The formal SAPS confirmation of the Old Trafford trip came on 28 February 2018 after prodding by Brauteseth. SAPS Deputy Commissioner for Resource Management, Lieutenant-General Stefan Schutte, told MPs the trip was “official” and the ManU game tickets were bought by “someone in Unisys”. The customised soccer club T-shirts were bought by the police members, according to Parliamentary Monitoring Group (PMG) minutes.
On Thursday Brauteseth said the new claims “should leave no doubt whatsoever that the relationship between Unisys and Shezi is completely corrupt and criminal in nature”.
It was common cause that FDA subcontracted to Unisys on some of the SAPS contracts in question and this, he said, drew into question the involvement of FDA in irregular activities.
“The DA in Scopa will not be daunted in our pursuit to expose these irregularities and to hold those responsible accountable. We also call on the Hawks to act without delay against Shezi and Bayard in relation to the payments made for the construction of Shezi’s residence,” added Brauteseth.
The SAPS since November 2017 has come under pressure not to pay the FDA contract for property and exhibit management and firearms permits after Scopa was told of concerns over their legality – and to clean up its contract management. Both Scopa and Parliament’s police committee are on public record that they will deal with this saga again in June.
The report, State of Procurement Spent in National and Provincial Departments, tabled by Finance Minister Nhlanhla Nene in Parliament last week, shows the SAPS is the largest procurer among national departments. It was responsible for R17.8-billion of the R79-billion spent on procurement nationally in the 2016/17 financial year. And as the FDA saga, also involving Unisys, alongside the IPID probes show there is scope for abuse.
With probes into Shezi under way, there appears to be an interesting further twist. From 2012 she was acting head of the police’s laboratory services quality management at a time when Phahlane headed the forensics division. In May 2014 she moved to the SAPS technology management service, where her initial acting appointment was confirmed into a permanent one from February 2015, with a rise in rank, by then national commissioner Riah Phiyega, according to an official SAPS statement on its website. As technology management service boss, Shezi would have signed off on any contracts.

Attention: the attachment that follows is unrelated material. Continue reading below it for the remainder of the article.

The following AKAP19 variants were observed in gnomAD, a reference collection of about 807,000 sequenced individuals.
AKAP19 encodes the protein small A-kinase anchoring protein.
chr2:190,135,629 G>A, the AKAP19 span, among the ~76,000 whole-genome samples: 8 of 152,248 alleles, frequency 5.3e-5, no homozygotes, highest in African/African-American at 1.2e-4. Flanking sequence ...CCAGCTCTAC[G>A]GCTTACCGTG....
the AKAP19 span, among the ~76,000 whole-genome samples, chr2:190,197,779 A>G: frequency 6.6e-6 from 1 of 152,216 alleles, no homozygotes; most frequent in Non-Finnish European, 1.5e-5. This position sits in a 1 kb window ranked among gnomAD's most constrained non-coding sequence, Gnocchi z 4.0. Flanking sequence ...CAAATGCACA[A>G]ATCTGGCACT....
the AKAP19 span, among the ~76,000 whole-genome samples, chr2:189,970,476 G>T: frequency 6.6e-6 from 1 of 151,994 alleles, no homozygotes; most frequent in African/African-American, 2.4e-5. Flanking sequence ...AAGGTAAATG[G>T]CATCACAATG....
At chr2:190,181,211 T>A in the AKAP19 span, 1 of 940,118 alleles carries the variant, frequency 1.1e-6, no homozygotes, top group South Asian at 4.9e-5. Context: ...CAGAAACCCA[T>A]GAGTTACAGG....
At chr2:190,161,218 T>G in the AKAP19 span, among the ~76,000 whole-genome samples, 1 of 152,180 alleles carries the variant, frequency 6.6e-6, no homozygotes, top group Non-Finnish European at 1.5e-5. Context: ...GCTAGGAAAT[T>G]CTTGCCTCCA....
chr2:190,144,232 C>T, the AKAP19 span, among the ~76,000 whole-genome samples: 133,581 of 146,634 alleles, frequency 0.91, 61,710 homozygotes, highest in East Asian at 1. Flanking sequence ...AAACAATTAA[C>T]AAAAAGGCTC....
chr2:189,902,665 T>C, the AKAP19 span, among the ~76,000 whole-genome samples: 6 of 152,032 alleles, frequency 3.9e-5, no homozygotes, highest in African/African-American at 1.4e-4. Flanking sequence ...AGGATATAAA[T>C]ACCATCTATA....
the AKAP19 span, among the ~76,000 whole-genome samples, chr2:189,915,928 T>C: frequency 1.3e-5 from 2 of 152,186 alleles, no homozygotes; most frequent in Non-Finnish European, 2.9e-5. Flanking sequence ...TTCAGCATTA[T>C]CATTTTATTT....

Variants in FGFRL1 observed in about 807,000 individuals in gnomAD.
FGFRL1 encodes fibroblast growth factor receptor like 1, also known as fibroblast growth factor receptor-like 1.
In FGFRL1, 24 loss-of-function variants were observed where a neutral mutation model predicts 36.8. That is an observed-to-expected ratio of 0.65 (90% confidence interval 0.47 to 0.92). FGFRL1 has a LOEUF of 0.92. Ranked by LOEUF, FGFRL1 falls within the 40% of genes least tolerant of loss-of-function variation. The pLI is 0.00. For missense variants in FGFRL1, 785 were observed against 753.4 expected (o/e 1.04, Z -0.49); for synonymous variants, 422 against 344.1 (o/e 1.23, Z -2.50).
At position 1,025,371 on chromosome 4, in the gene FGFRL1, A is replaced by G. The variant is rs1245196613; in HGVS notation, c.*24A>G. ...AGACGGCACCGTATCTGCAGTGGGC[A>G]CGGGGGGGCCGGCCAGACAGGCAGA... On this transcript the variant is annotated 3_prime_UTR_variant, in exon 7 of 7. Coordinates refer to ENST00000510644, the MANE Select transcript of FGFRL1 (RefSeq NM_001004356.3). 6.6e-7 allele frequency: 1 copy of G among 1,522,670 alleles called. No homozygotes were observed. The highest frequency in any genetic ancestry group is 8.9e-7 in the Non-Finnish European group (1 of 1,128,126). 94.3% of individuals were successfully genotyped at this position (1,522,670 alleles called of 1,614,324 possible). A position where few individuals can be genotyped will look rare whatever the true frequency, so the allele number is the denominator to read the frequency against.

From forensics, Phahlane in October 2015 was appointed acting national commissioner, a post he held until June 2017 when his departure was officially announced, despite his dismissal of any wrongdoing amid an acrimonious stand-off with IPID, including police counterinvestigations of the police watchdog.
Contacted for comment, Bayard referred Daily Maverick to IPID.
Spokesperson for the police watchdog, Moses Dlamini, said:
“I can confirm that we are investigating General Shezi on allegations of corruption. At this stage we cannot get into the details of the investigation.”
However, it is reliably understood that IPID recently shared its initial findings with the SAPS, and it was this that triggered national police commissioner Lieutenant-General Khehla Sitole to request internal proceedings against Shezi.
There is a shimmer of a silver lining in this technology management debacle. FDA’s switch-off of the SAPS property and exhibit control and firearms permit systems has effectively been reversed without having to resort to legal action as was mooted in a joint SAPS-SITA statement earlier in April.
SAPS spokesperson Brigadier Vish Naidoo on Thursday confirmed that “the systems are all up and running”, as did SITA spokesperson Stera Senti.
“FDA did not have a contractual right (for the shutdown). SITA has a perpetual right to usage,” he said, adding that SITA had put in place long-term plans for SAPS technology.
It’s understood the FDA contracts are set to expire in June. DM